When you talk about dealing with infertility, you get a lot of different reactions. Some people sympathize, some people criticize, some people wonder why you would want to bring a child into the world when there are already so many children unloved and unclaimed. I’ve had pretty much all of that directed at me.
Jealousy is ugly on me. I suppose it's ugly on anyone but it feels particularly nasty when I wear it. I would love to do away with it completely as an emotion, but it keeps cropping up again. It's not that I'm jealous of women who are taller, thinner, prettier. I'm not jealous of women with more money or more glamorous lifestyles. I'm jealous of one person and one person only: the mother of my stepson. And maybe not for the reasons you would think.
When I lost my second child in a second trimester miscarriage, Angelina Jolie was also pregnant, and was quoted as saying something along the lines of loving how much she felt like a woman, like her body was functioning exactly as it was designed to function. That quote left me, volatile and reeling, a sobbing mess – although to be fair, a sobbing mess pretty much describes me for the months following the miscarriage. What was wrong with my body? Why hadn’t I functioned as I was supposed to? I already had one beautiful and healthy child. What had I done wrong the second time around?
Do you want to hear something really sad? It took me three weeks to sit down to paint my nails. Not to find time for a mani/pedi at a salon, not to buff and polish and shape at home. Three weeks to slap a coat of pearly-pink paint on 10 fingertips. Seriously. Just paint. Two coats of color, no base, nothing fancy. Don’t even get me started on how long it's been since I've had time to deep condition my hair. For real.
Here at LoveMom, we bring you the love. Our weekly Baby Bytes bring you everything else. Here are this week's 7 must-click mom links: Charlie Sheen falls into an ugly custody battle with Brooke Mueller, while other single moms learn how to tell dates that they have children. Unexpected costs incurred upon having children, using the TV as a babysitter and how to make motherhood the most rewarding adventure of your life. These links, along with 10 things moms never thought they'd do to get their baby to sleep.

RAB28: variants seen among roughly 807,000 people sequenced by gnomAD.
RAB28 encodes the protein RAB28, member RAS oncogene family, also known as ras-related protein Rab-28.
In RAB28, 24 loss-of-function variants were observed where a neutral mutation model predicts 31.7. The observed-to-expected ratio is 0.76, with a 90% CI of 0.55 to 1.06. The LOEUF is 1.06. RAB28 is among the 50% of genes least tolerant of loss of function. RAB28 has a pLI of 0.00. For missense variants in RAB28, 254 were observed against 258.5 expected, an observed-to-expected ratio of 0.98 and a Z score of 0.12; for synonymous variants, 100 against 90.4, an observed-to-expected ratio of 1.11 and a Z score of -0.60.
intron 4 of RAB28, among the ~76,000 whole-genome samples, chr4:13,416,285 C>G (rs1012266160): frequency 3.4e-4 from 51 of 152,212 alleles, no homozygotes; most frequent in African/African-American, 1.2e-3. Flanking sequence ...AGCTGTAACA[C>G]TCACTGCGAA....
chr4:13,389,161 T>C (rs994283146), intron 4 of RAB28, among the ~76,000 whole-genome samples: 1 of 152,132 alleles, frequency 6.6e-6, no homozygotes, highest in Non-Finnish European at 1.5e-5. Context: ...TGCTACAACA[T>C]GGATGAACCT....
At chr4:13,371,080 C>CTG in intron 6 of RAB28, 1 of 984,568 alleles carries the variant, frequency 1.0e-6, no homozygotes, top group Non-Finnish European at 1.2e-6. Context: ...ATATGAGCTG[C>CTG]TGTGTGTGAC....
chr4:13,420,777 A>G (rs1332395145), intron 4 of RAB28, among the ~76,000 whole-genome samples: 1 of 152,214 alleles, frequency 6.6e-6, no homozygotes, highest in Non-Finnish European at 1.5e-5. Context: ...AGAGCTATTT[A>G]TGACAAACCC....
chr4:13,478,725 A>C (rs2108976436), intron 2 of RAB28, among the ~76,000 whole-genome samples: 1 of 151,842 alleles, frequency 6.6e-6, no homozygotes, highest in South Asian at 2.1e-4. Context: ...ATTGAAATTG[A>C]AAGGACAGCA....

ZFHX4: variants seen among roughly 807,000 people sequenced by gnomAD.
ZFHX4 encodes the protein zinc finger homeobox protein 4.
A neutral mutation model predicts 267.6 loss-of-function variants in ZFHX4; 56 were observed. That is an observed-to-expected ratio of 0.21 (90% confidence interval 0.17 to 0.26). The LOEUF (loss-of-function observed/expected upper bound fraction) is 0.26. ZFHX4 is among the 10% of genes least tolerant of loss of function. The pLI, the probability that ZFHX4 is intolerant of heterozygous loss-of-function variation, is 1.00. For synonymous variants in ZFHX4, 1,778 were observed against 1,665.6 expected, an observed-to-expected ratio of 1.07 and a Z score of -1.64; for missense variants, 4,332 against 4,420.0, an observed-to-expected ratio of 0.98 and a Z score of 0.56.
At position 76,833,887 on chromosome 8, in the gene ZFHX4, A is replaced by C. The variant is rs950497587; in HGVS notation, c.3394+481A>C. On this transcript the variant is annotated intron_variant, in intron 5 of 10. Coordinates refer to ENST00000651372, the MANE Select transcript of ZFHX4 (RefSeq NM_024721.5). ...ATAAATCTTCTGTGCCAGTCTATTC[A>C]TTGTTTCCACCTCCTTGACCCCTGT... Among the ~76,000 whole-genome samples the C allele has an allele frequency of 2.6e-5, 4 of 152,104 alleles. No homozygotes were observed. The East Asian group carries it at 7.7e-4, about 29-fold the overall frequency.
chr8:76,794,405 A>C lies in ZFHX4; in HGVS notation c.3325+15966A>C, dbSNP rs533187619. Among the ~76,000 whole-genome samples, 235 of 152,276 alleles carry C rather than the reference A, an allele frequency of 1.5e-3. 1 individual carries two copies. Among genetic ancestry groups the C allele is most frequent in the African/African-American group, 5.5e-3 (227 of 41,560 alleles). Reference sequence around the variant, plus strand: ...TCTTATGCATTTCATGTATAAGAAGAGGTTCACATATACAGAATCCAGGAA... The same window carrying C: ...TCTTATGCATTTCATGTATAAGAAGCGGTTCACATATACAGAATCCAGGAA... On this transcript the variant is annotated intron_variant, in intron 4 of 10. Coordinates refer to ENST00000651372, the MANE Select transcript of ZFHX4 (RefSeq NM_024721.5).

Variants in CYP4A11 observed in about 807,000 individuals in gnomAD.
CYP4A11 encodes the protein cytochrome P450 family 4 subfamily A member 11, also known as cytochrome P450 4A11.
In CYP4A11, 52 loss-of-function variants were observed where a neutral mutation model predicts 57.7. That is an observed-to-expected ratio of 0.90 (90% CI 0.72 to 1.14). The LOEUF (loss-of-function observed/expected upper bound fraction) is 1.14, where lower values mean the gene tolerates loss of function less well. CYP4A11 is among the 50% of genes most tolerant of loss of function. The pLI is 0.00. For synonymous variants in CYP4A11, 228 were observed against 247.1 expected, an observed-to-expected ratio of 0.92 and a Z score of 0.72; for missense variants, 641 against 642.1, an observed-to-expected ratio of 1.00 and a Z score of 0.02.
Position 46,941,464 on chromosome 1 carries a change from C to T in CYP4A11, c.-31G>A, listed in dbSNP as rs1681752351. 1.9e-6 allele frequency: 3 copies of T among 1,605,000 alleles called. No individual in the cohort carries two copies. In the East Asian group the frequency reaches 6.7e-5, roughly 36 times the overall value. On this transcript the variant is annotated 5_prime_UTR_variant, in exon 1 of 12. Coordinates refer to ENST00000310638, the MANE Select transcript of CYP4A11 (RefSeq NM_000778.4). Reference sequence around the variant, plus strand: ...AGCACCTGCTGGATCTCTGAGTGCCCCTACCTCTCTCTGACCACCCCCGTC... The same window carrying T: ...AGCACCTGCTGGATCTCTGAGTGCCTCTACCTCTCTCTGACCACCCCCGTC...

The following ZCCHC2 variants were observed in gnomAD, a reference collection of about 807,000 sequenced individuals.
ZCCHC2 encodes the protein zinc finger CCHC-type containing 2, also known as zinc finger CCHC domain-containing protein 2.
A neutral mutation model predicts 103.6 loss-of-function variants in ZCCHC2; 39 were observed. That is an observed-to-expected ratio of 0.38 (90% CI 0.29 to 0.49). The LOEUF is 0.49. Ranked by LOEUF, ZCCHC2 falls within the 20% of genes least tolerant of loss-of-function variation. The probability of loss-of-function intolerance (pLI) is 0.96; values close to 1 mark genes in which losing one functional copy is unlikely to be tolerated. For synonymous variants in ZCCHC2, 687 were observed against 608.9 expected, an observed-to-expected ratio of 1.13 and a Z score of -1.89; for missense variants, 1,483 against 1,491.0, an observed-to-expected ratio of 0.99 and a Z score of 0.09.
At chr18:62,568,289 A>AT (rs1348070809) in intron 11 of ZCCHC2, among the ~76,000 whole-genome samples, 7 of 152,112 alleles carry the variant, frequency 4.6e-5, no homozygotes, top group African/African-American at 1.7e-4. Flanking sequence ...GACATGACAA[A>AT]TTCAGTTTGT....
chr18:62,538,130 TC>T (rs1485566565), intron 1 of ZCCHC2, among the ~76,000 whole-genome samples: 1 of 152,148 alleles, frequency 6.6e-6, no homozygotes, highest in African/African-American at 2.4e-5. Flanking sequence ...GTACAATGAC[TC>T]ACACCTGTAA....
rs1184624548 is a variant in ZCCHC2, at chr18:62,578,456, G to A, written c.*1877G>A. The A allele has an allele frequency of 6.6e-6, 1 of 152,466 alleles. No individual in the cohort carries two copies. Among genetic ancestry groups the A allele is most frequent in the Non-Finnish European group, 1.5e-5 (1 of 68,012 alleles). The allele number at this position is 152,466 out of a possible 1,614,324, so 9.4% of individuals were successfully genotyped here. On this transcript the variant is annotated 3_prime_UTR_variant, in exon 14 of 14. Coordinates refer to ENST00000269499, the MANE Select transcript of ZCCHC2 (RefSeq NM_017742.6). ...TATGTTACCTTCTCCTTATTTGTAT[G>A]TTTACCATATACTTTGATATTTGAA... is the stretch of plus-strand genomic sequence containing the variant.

Before I begin, let me preface this piece by saying that I take dog parenting very seriously. I don't just wake up, take the dogs out, make sure they're fed, leave for 10 hours and come back to do it all over again. I actually "parent" my pooches. Parenting these two furballs has been wonderful practice. I believe that, through them, my husband and I have established our roles as a parenting duo.
The moment you announce your pregnancy to the world, everyone and their cousin feels the need to tell you what's best for your child. It's one thing for a close friend to mention that you may want to reconsider your baby's soft-drink habit; but, it's quite another when a stranger feels the need to comment on how best to discipline your toddler. Here's what to do when you find yourself face-to-face with a wagging finger pointed at you and your child.
If you have kids, you will inevitably be asked questions about everything from sex to whether or not there's a devil. But what about when they want to know who you love more?